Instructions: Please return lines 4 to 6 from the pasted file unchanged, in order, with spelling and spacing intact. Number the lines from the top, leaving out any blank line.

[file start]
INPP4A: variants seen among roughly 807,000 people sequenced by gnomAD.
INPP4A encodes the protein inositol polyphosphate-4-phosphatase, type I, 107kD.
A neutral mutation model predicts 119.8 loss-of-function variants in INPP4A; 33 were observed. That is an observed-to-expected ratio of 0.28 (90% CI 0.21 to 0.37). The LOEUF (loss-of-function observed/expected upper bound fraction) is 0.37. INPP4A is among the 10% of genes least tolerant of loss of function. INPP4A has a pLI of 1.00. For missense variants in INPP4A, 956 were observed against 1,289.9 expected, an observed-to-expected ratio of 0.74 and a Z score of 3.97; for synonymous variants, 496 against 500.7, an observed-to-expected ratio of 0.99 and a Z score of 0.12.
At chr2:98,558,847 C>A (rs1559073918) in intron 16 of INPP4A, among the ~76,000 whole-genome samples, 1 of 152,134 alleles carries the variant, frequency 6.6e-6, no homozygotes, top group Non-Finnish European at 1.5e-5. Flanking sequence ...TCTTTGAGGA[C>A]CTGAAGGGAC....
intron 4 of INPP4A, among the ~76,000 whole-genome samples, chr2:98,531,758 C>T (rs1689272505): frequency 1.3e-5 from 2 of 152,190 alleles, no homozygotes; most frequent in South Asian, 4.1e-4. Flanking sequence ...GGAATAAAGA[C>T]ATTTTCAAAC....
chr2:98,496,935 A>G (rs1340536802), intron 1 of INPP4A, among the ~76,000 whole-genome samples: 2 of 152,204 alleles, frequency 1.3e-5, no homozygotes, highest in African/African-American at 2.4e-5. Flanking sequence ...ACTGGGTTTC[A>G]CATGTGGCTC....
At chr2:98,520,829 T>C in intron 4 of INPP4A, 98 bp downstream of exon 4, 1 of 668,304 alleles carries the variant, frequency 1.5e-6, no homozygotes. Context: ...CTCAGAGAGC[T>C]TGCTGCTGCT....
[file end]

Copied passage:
At chr2:98,558,847 C>A (rs1559073918) in intron 16 of INPP4A, among the ~76,000 whole-genome samples, 1 of 152,134 alleles carries the variant, frequency 6.6e-6, no homozygotes, top group Non-Finnish European at 1.5e-5. Flanking sequence ...TCTTTGAGGA[C>A]CTGAAGGGAC....
intron 4 of INPP4A, among the ~76,000 whole-genome samples, chr2:98,531,758 C>T (rs1689272505): frequency 1.3e-5 from 2 of 152,190 alleles, no homozygotes; most frequent in South Asian, 4.1e-4. Flanking sequence ...GGAATAAAGA[C>T]ATTTTCAAAC....
chr2:98,496,935 A>G (rs1340536802), intron 1 of INPP4A, among the ~76,000 whole-genome samples: 2 of 152,204 alleles, frequency 1.3e-5, no homozygotes, highest in African/African-American at 2.4e-5. Flanking sequence ...ACTGGGTTTC[A>G]CATGTGGCTC....